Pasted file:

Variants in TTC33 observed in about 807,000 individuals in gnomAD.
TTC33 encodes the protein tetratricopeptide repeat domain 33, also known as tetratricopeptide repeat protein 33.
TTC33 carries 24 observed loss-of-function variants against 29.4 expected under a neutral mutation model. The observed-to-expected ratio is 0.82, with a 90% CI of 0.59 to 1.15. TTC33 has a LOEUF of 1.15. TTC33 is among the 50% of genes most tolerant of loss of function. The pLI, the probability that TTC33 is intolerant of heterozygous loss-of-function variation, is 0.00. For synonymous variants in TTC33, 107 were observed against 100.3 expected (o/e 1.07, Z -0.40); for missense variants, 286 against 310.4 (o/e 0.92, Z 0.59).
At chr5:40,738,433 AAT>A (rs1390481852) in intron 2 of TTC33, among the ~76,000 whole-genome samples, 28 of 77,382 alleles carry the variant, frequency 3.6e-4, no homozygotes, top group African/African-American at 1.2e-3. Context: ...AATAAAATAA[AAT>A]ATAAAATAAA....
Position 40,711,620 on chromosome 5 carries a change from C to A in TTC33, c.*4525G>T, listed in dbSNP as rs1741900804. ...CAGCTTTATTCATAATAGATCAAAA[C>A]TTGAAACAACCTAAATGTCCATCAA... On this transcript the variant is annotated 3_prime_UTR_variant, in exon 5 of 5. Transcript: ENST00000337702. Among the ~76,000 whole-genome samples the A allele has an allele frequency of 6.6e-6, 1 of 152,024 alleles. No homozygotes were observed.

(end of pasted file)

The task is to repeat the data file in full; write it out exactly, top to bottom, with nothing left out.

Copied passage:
Variants in TTC33 observed in about 807,000 individuals in gnomAD.
TTC33 encodes the protein tetratricopeptide repeat domain 33, also known as tetratricopeptide repeat protein 33.
TTC33 carries 24 observed loss-of-function variants against 29.4 expected under a neutral mutation model. The observed-to-expected ratio is 0.82, with a 90% CI of 0.59 to 1.15. TTC33 has a LOEUF of 1.15. TTC33 is among the 50% of genes most tolerant of loss of function. The pLI, the probability that TTC33 is intolerant of heterozygous loss-of-function variation, is 0.00. For synonymous variants in TTC33, 107 were observed against 100.3 expected (o/e 1.07, Z -0.40); for missense variants, 286 against 310.4 (o/e 0.92, Z 0.59).
At chr5:40,738,433 AAT>A (rs1390481852) in intron 2 of TTC33, among the ~76,000 whole-genome samples, 28 of 77,382 alleles carry the variant, frequency 3.6e-4, no homozygotes, top group African/African-American at 1.2e-3. Context: ...AATAAAATAA[AAT>A]ATAAAATAAA....
Position 40,711,620 on chromosome 5 carries a change from C to A in TTC33, c.*4525G>T, listed in dbSNP as rs1741900804. ...CAGCTTTATTCATAATAGATCAAAA[C>A]TTGAAACAACCTAAATGTCCATCAA... On this transcript the variant is annotated 3_prime_UTR_variant, in exon 5 of 5. Transcript: ENST00000337702. Among the ~76,000 whole-genome samples the A allele has an allele frequency of 6.6e-6, 1 of 152,024 alleles. No homozygotes were observed.